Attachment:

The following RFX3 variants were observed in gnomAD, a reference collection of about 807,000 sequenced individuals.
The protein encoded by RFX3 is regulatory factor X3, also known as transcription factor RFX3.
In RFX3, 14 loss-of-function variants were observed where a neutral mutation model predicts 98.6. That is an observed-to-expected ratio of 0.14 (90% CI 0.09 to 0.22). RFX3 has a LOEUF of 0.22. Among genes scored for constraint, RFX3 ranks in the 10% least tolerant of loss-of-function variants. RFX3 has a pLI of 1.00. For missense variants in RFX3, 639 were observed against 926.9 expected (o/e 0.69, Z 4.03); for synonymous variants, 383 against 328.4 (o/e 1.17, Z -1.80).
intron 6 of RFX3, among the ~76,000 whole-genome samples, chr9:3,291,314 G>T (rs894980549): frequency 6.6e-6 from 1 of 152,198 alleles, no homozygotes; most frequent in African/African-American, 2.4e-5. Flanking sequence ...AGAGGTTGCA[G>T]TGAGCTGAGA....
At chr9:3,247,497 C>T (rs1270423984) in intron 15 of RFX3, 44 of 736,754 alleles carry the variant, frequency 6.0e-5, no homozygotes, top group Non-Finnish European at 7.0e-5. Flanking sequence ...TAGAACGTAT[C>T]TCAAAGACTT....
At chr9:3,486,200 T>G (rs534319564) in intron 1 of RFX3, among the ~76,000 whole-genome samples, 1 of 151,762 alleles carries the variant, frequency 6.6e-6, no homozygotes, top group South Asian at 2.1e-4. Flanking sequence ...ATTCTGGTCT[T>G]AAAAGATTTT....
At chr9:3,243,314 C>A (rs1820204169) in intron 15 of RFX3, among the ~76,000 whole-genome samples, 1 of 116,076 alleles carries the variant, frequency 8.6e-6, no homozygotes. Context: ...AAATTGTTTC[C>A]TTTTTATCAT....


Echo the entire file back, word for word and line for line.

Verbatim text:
The following RFX3 variants were observed in gnomAD, a reference collection of about 807,000 sequenced individuals.
The protein encoded by RFX3 is regulatory factor X3, also known as transcription factor RFX3.
In RFX3, 14 loss-of-function variants were observed where a neutral mutation model predicts 98.6. That is an observed-to-expected ratio of 0.14 (90% CI 0.09 to 0.22). RFX3 has a LOEUF of 0.22. Among genes scored for constraint, RFX3 ranks in the 10% least tolerant of loss-of-function variants. RFX3 has a pLI of 1.00. For missense variants in RFX3, 639 were observed against 926.9 expected (o/e 0.69, Z 4.03); for synonymous variants, 383 against 328.4 (o/e 1.17, Z -1.80).
intron 6 of RFX3, among the ~76,000 whole-genome samples, chr9:3,291,314 G>T (rs894980549): frequency 6.6e-6 from 1 of 152,198 alleles, no homozygotes; most frequent in African/African-American, 2.4e-5. Flanking sequence ...AGAGGTTGCA[G>T]TGAGCTGAGA....
At chr9:3,247,497 C>T (rs1270423984) in intron 15 of RFX3, 44 of 736,754 alleles carry the variant, frequency 6.0e-5, no homozygotes, top group Non-Finnish European at 7.0e-5. Flanking sequence ...TAGAACGTAT[C>T]TCAAAGACTT....
At chr9:3,486,200 T>G (rs534319564) in intron 1 of RFX3, among the ~76,000 whole-genome samples, 1 of 151,762 alleles carries the variant, frequency 6.6e-6, no homozygotes, top group South Asian at 2.1e-4. Flanking sequence ...ATTCTGGTCT[T>G]AAAAGATTTT....
At chr9:3,243,314 C>A (rs1820204169) in intron 15 of RFX3, among the ~76,000 whole-genome samples, 1 of 116,076 alleles carries the variant, frequency 8.6e-6, no homozygotes. Context: ...AAATTGTTTC[C>A]TTTTTATCAT....